“The Ascend Foundation has changed my life,” he told Oakland County Times. “ I have gained brothers, sisters, nieces & nephews. I have gained a family, with bonds stronger than iron and steel mixed. The foundation promotes excellence, a strong united front to battle against substance abuse, hunger, and overall fundamental needs of the people of Pontiac. We’re not looking for anything in return, besides to change bad situations to good ones.
The way that the Ascend foundation holds fast to personal accountability by its board, staff, contractors. Guarantees the service provided to the people is nothing less than stellar. I personally love The Clarence E. Phillips Foundation. And will continue to stand, and fight the good fight!”
Lucas added that he’s learned a lot professionally from his experiences.
“Kaino Phillips is a dynamic cinematic director. He directs each shoot. The conceptual look, set design, even scripting. His educational background from Grambling State University has helped me grow as a professional, to the point where I have had opportunities with Oakland County Government, Genesee County Government, Ebony Magazine and surrounding cities such as Southfield, Novi, Detroit, and Flint using experience and knowledge I gained from him. The list would be too long for me to write actually, the opportunities that I have faced. And in a nutshell, that’s what the Ascend Foundation provides to everyone it touches. An opportunity to be better than how you came in.”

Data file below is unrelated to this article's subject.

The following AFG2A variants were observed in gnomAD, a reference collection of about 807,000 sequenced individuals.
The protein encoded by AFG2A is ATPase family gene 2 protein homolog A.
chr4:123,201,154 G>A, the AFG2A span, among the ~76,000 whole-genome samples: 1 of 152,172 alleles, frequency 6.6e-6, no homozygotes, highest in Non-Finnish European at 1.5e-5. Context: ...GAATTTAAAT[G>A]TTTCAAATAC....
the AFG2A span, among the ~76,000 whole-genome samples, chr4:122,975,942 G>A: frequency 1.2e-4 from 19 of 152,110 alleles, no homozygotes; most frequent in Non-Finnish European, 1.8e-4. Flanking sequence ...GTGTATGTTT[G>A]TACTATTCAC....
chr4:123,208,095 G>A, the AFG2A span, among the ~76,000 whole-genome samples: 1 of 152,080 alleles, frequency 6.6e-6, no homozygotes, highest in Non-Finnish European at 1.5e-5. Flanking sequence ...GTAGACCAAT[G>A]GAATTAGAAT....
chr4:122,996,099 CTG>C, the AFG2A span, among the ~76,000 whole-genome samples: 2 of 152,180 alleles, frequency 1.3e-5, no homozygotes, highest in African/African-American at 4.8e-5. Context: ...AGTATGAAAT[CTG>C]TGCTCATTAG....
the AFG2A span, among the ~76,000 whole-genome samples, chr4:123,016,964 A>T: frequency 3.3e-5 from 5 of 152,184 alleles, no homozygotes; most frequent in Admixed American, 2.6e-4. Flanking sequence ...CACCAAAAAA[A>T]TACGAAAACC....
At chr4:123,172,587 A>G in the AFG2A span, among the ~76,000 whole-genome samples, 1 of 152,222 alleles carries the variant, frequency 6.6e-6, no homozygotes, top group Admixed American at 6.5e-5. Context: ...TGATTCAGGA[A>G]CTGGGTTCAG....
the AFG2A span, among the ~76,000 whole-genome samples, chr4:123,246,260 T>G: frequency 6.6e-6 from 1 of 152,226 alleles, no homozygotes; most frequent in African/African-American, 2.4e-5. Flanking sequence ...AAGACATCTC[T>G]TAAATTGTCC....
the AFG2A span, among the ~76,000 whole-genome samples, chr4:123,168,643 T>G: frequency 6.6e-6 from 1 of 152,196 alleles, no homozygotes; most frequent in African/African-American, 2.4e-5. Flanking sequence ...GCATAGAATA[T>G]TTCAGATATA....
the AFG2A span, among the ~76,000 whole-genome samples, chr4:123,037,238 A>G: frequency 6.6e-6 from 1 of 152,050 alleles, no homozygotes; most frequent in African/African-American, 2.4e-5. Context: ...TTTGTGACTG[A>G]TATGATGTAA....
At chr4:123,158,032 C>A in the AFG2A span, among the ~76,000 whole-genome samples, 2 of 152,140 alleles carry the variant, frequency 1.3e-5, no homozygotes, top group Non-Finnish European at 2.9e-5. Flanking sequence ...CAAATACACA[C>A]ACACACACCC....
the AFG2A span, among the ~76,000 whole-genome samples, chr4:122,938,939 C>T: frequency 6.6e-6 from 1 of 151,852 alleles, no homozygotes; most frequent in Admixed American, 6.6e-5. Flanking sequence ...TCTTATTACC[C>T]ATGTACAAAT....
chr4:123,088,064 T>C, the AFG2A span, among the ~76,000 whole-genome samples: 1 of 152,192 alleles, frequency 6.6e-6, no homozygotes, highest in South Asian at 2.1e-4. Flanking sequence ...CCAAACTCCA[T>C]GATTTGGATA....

“The 2021 Ascend Foundation Pontiac Honors Community Service Awards was truly a spectacular labor of love. Honoring those that have made tremendous contributions in our community and letting each honoree know how much they mean to us.
“Each step they took for the betterment of our community, was a leap for a person like me. I have personally benefited from the hard work that these honorees commit to. Being involved in this honors event, as a videographer allowed me to show my gratitude, by making them look spectacular on screen. And we did!! We wanted the honorees to feel exactly what they are to us – giants!”
Another initiative has been a new partnership between us at Ascend and CNS Healthcare to increase the efforts of our Ascend Foundation TRUTH Youth Coalition fight against substance abuse in the schools, neighborhoods and homes of Pontiac. “Through this partnership we were able to increase our grasp on resources to help children and parents find the mental health services needed to give children everything they need to get healthier in their day to day lives. This partnership with CNS is priceless,” Phillips said.
The year ended with holiday celebrations and helping others, with $98,760 to help with the paying it forward initiative that included feeding the homeless and providing gifts for families in need.